“While climbing high on Chomolungma (Everest) you truly feel the spirits and ghosts of the past and present, foreigners and indigenous.” –Renan Ozturk
I had no idea there was any mystery surrounding who first summited Everest until watching this incredible 36 minute documentary by Renan Ozturk. The film documents Ozturk and his teams’ dangerous expedition up the world’s tallest mountain searching for Andrew “Sandy” Irvine body (rumored to have died with a camera in his pocket) who disappeared along with his partner George Mallory in their 1924 attempt to reach the summit. Mallory’s body was found in 1999 but Ivrine’s location remained unknown. Fascinating story of high adventure wrapped in climbing lore and mystery. A most worthy watch:
FILM SUMMARY FROM ALPHAUNIVERSE.COM:
In “The Ghosts Above,” Sony Artisan photographer and filmmaker Renan Ozturk joins an expedition to solve the Mount Everest mystery of who reached the summit first. The film, directed by Ozturk along with Sony Artisan Taylor Rees and Jay MacMillan, follows the intense expedition and the team’s conflicting emotions as they push up Everest searching for the long lost body of Andrew “Sandy” Irvine, who disappeared along with climbing partner George Mallory in their 1924 attempt to reach the summit.
“I think the single biggest challenge in making the film was the fact that Everest is so charged with preconceived notions of what it is…and there’s truth to all of them. So how do you do justice to the past, present and future of such a mountain?” -Ozturk
Whispers of the extractive nature of Western climbers using Sherpas to help with their dangerous climbing adventures as well as the overcrowding and trash issues on the mountain didn’t escape Ozturk. But, as the team of Sherpas and filmmakers pushed up the slopes of Everest in their search for Irvine’s body and the camera he was rumored to have in his pocket, any stereotypes vaporized into the thin air.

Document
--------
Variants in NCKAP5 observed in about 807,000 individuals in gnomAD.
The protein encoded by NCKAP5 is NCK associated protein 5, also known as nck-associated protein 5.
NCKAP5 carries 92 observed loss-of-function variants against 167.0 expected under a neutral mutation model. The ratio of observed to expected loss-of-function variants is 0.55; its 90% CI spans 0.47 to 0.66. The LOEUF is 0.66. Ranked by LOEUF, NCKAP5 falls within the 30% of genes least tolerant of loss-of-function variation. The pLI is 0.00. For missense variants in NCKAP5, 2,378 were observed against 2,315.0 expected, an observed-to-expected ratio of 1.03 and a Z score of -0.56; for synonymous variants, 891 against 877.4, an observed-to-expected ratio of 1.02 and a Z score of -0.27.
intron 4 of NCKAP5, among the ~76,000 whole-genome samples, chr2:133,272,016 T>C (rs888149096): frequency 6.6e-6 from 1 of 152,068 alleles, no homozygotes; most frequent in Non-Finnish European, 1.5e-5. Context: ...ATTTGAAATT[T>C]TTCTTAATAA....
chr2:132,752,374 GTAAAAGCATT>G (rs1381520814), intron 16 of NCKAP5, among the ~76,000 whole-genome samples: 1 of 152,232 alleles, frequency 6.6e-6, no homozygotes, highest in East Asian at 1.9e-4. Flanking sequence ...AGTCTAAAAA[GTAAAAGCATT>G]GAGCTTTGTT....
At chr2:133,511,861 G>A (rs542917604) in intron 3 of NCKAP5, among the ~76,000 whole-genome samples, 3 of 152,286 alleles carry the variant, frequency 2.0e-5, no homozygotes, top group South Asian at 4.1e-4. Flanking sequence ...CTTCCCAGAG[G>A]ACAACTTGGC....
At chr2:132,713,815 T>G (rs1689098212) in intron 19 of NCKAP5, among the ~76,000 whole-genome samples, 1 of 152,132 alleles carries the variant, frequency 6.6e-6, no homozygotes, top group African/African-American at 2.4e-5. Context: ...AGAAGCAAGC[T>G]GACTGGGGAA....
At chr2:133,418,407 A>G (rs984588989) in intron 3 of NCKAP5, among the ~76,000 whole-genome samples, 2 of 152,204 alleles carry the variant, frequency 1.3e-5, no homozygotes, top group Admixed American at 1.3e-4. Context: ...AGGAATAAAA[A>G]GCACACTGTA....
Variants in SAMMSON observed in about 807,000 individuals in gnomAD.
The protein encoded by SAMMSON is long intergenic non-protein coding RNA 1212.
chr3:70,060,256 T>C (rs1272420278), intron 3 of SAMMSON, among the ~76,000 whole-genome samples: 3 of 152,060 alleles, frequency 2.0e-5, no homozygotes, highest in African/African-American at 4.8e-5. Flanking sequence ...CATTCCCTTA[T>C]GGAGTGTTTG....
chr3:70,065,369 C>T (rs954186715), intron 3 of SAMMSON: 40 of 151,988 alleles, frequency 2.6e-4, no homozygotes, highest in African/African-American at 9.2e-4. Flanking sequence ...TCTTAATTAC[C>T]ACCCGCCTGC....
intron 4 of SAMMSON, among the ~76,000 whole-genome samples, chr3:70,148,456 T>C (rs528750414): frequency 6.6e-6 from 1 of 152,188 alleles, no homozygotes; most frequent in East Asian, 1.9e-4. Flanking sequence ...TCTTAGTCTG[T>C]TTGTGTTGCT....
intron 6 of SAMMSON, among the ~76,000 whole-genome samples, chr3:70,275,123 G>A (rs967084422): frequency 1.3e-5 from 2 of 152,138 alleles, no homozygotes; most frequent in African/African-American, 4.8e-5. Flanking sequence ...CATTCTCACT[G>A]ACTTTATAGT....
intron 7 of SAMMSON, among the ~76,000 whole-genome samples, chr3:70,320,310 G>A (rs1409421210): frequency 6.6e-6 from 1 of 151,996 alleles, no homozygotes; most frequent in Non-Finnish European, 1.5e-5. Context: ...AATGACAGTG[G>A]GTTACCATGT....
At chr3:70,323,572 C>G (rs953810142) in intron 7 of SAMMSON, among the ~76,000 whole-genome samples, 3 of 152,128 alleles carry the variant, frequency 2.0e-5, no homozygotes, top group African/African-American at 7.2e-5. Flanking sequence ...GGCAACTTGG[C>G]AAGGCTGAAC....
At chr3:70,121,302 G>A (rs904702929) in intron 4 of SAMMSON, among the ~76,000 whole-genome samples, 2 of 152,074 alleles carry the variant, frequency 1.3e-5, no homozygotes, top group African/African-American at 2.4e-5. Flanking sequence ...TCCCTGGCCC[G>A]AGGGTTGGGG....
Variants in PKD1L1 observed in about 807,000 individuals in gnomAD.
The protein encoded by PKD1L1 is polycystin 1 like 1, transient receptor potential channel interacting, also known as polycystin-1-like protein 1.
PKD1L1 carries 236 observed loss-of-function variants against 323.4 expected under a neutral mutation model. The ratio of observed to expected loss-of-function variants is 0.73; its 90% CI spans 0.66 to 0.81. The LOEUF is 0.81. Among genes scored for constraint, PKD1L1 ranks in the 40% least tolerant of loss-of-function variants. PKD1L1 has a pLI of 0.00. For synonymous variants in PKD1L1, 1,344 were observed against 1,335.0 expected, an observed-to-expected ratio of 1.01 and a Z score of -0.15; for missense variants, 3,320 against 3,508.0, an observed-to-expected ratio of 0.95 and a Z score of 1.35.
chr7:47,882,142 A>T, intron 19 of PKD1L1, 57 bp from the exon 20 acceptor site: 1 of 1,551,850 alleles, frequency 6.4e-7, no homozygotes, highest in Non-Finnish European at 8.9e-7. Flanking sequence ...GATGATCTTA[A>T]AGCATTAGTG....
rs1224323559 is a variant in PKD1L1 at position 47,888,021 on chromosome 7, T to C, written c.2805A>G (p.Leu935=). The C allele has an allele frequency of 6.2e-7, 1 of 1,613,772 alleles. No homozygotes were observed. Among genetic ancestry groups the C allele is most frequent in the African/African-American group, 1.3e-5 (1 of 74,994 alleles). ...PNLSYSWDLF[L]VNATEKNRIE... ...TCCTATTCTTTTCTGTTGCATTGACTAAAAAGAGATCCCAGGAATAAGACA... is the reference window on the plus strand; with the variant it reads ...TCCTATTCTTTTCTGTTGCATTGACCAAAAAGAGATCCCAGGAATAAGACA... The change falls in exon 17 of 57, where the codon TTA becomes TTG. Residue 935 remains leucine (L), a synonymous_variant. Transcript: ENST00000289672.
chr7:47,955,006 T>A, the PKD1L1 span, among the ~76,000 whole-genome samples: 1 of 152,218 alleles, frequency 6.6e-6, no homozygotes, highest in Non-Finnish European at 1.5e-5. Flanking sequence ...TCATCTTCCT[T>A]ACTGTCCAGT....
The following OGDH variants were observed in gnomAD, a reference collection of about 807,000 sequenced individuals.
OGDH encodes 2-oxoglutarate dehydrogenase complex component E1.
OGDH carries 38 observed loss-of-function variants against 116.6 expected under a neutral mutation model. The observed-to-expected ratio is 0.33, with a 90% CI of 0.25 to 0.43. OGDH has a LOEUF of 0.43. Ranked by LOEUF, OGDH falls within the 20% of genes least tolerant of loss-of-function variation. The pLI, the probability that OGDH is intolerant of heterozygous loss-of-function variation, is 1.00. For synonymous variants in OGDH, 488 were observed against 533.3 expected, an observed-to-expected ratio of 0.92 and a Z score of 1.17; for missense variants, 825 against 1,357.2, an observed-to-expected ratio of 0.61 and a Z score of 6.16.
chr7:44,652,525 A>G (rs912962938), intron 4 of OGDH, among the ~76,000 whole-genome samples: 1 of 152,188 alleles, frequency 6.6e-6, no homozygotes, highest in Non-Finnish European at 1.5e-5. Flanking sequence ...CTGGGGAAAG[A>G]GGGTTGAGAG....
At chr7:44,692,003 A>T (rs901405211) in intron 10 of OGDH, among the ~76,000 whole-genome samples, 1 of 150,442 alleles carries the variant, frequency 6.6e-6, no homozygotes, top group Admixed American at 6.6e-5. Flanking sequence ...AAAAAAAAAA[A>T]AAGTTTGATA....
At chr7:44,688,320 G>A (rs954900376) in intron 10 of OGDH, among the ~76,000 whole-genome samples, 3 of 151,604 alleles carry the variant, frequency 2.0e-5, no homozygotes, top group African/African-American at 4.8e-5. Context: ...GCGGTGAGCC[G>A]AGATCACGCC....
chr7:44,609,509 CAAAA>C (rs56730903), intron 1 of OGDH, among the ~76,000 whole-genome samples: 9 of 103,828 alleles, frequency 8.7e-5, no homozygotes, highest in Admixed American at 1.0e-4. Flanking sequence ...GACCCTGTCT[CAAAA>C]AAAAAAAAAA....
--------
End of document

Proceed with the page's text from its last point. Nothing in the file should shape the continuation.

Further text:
“Each year there seems to be something that happens that changes the way people think of Everest. That year, in the eyes of the general public, the trash and crowd aspects of Everest were kind of villainized and one photo in particular of the line was published and passed around the world. I thought I would fall into that same thinking, but after experiencing the mountain firsthand it completely flipped the script for me. It changed everything.”
This further proves the importance of Ozturk bringing these original experiences to viewers. While nothing about climbing Everest was easy, Ozturk distracted himself from the pain by focusing his attention to his camera and what he was creating.
“When you’re up there, every step and every breath is painful. But for some reason when you look into the viewfinder it takes you into that world as a photographer or cinematographer, and it almost causes your brain to shut off some of those pain receptors as you go into creative mode. The camera was a bit of an escape, but you don’t want to escape too much. It was a balance between using the camera as a distraction but also knowing when to make the responsible decision to turn around because no story is worth dying for right now.”
“It’s like with most things. When you find your passion in life, it often comes with a lot of sacrifice and becomes this thing that could kill you in certain situations. But if you don’t do it, you’re also dying inside emotionally. So especially with Everest, it’s part of that push and pull.”